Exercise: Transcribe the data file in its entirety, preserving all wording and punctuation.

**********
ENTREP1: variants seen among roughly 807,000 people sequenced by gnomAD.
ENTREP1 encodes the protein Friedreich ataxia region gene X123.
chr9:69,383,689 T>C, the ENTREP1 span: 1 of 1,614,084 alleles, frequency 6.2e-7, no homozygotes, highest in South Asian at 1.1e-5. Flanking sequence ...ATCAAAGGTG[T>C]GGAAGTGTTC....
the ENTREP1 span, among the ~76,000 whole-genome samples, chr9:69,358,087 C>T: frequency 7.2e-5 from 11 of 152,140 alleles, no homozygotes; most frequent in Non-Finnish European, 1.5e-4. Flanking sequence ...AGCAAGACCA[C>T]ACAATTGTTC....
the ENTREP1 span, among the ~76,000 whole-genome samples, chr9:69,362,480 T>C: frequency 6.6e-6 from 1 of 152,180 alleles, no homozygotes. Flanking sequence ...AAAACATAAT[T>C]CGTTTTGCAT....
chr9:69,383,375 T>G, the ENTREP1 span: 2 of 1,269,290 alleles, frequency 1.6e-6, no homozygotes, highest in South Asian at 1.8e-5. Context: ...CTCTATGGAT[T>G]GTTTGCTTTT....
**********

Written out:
ENTREP1: variants seen among roughly 807,000 people sequenced by gnomAD.
ENTREP1 encodes the protein Friedreich ataxia region gene X123.
chr9:69,383,689 T>C, the ENTREP1 span: 1 of 1,614,084 alleles, frequency 6.2e-7, no homozygotes, highest in South Asian at 1.1e-5. Flanking sequence ...ATCAAAGGTG[T>C]GGAAGTGTTC....
the ENTREP1 span, among the ~76,000 whole-genome samples, chr9:69,358,087 C>T: frequency 7.2e-5 from 11 of 152,140 alleles, no homozygotes; most frequent in Non-Finnish European, 1.5e-4. Flanking sequence ...AGCAAGACCA[C>T]ACAATTGTTC....
the ENTREP1 span, among the ~76,000 whole-genome samples, chr9:69,362,480 T>C: frequency 6.6e-6 from 1 of 152,180 alleles, no homozygotes. Flanking sequence ...AAAACATAAT[T>C]CGTTTTGCAT....
chr9:69,383,375 T>G, the ENTREP1 span: 2 of 1,269,290 alleles, frequency 1.6e-6, no homozygotes, highest in South Asian at 1.8e-5. Context: ...CTCTATGGAT[T>G]GTTTGCTTTT....